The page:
Presentation on theme: "Planting & Care Guide for Your Pawpaw Trees We want to give you the best and most complete information possible to ensure your success in growing and enjoying."— Presentation transcript:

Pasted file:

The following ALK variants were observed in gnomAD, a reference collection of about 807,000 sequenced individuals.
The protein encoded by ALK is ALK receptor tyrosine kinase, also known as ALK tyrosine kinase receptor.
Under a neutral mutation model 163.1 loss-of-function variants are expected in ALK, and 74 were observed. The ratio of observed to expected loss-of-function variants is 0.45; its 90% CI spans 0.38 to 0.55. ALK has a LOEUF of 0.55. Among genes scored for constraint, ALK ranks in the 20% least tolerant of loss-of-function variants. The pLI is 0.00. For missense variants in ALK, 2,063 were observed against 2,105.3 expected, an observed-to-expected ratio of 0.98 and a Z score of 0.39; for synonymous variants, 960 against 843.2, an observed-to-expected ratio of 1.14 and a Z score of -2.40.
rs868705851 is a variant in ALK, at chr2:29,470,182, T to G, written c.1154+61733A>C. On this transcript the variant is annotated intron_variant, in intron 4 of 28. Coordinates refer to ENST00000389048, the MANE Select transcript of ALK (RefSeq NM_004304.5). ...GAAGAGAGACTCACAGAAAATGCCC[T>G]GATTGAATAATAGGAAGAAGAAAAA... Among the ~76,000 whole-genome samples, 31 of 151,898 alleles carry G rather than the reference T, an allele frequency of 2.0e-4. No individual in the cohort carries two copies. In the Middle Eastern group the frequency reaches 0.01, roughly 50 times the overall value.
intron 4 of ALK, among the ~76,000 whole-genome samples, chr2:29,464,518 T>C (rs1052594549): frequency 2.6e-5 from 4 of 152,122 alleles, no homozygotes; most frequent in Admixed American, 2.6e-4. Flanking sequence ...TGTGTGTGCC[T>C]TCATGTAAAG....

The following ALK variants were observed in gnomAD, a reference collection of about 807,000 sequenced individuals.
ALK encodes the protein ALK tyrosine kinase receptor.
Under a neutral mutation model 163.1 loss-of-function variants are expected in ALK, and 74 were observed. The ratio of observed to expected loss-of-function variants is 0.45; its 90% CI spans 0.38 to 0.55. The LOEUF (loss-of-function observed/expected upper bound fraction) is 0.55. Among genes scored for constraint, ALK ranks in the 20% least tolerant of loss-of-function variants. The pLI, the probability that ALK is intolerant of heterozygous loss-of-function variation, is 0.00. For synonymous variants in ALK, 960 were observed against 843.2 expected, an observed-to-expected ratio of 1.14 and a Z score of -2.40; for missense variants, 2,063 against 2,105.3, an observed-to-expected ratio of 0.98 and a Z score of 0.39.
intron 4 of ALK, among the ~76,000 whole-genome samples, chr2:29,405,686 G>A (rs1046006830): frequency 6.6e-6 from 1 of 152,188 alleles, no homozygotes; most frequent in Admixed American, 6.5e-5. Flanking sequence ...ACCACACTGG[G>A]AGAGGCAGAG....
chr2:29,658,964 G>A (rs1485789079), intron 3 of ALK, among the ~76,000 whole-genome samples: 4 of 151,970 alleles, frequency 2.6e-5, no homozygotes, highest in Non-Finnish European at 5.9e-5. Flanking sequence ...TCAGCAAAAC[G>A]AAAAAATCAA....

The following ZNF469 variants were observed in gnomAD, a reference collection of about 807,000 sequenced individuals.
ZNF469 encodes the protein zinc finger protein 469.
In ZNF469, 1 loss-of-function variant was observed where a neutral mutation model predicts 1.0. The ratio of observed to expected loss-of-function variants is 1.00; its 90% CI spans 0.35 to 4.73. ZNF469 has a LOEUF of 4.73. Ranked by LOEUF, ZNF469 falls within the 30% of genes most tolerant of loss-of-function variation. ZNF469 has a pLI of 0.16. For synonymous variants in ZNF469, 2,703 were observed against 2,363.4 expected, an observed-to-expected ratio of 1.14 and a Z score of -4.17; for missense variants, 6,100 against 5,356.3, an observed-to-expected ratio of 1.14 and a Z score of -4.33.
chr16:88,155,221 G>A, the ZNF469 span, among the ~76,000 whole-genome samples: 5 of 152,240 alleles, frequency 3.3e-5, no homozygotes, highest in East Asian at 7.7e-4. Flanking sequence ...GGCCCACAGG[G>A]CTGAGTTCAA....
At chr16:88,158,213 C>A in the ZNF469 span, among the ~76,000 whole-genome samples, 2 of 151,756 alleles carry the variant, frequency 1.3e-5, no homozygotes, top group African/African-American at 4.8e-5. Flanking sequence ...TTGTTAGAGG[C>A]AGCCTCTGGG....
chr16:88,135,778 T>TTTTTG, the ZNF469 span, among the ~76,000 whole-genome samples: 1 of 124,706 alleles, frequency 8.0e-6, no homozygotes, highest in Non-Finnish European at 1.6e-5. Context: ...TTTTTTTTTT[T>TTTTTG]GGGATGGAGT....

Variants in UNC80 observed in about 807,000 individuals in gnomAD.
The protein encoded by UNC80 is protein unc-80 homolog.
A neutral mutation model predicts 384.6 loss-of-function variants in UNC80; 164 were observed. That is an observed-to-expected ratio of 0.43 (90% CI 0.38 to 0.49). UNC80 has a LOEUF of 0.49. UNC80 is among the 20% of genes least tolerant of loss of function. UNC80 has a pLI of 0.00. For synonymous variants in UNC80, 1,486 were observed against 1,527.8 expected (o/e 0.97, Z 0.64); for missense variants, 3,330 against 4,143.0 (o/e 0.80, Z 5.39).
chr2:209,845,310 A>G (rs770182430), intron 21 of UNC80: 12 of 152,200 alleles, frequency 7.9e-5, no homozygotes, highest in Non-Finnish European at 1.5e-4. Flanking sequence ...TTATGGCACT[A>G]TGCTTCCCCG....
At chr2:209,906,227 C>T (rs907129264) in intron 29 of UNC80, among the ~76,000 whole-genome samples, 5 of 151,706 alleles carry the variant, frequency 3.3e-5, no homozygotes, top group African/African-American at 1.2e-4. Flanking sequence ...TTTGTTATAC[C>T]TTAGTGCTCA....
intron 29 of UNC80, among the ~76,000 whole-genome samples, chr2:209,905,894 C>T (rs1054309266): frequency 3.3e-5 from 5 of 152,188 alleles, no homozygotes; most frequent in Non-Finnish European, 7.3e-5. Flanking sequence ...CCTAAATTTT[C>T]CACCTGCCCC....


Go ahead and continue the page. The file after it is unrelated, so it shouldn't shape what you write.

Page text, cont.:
Planting & Care Guide for Your Pawpaw Trees We want to give you the best and most complete information possible to ensure your success in growing and enjoying pawpaws. Please read carefully the following instructions. The instructions will help your plants experience minimal transplant shock and help you prepare them for years of happy growing. Bare root plants. Open the bag around the roots of bare root plants and check to see that the roots feel moist. If they appear dry, sprinkle some water in the bag to moisten them. Do not let the roots dry out. If you are not going to plant right away soak the roots in a bucket of water for up to 24 yours – no longer! If the roots are moist when the trees arrive, you can delay planting bare root plants for a week or two if you keep them in a dark, cool, place where the temperature is above freezing. If you need to delay planting for a longer period of time, it is a good idea to “heel in” your plants. Remove the bag around the roots and cover the roots with moist soil in a trench in your garden, or cover the roots in a pile of moist sawdust, bark, or shredded leaf litter, in a shady location. Immediate planting is best! Planting. Pawpaws will grow in either shade or full sun. If you desire fruit, it is best to plant where the plant will receive at least half day of sun. Planting in full sun will require the seedling to be shaded for several years. Dig a hole large enough to fit the roots without bending or crowding them. Keep the sides of the hole rough so the roots can penetrate easily. For bare root plants, locate the spot on the main stem where the soil level was at the nursery. You can identify this spot, which will usually be an inch or so above the topmost root, by a change of color, often from light brown to dark brown. This point should be at the soil level in your planting location. Soil amendments are not necessary. After Planting. Be patient with your new plants. They need the first growing season to rebuild their root systems and become adapted to their new home. Thus, do not expect much growth the first year. It is best to remove any flowers and/or fruit the first year. Remove any broken branches that may have been a result of rough handling during shipping. Your bare rooted pawpaw will not need or be able to use fertilizer until their roots have been established. The only type of fertilizer worth applying would be a slow acting organic type of fertilizer. Mulching. Mulch is highly recommended. A layer of straw, compost, aged sawdust, rotted manure, or other organic material will reduce weed growth around your plants allowing them to get a better start without competition. Pawpaws do not like competition from grass or other plants. Mulch will also help conserve water, reducing stress on your plants during hot spells. The mulch will provide nutrition for your plants as it slowly decays. Keep mulch several inches away from the trunk to avoid injury from rodents who might like to eat the bark. Watering. An additional note on watering is warranted. The symptoms for over watering are the same for lack of water; that is, wilting, scorch, and even the ultimate death of your plant. Remember that once bare root plants have been planted and watered well, they will not usually need much water until they begin to grow vigorously. Periodic deep watering is far superior to frequent light watering. Deep watering encourages deep root growth, which makes your plant less susceptible to drought stress. Thank you for your support of the Ohio Pawpaw Growers Association. If you have any questions give us a call. 513.777.8367 or visit us at our new web site: Ohiopawpaw.com.Ohiopawpaw.com. Ohio Pawpaw Growers Association 6549 Amelia Dr. Cincinnati, OH 45241 513-777-8367 Botrytis@fuse.net www.Ohiopawpaw.com
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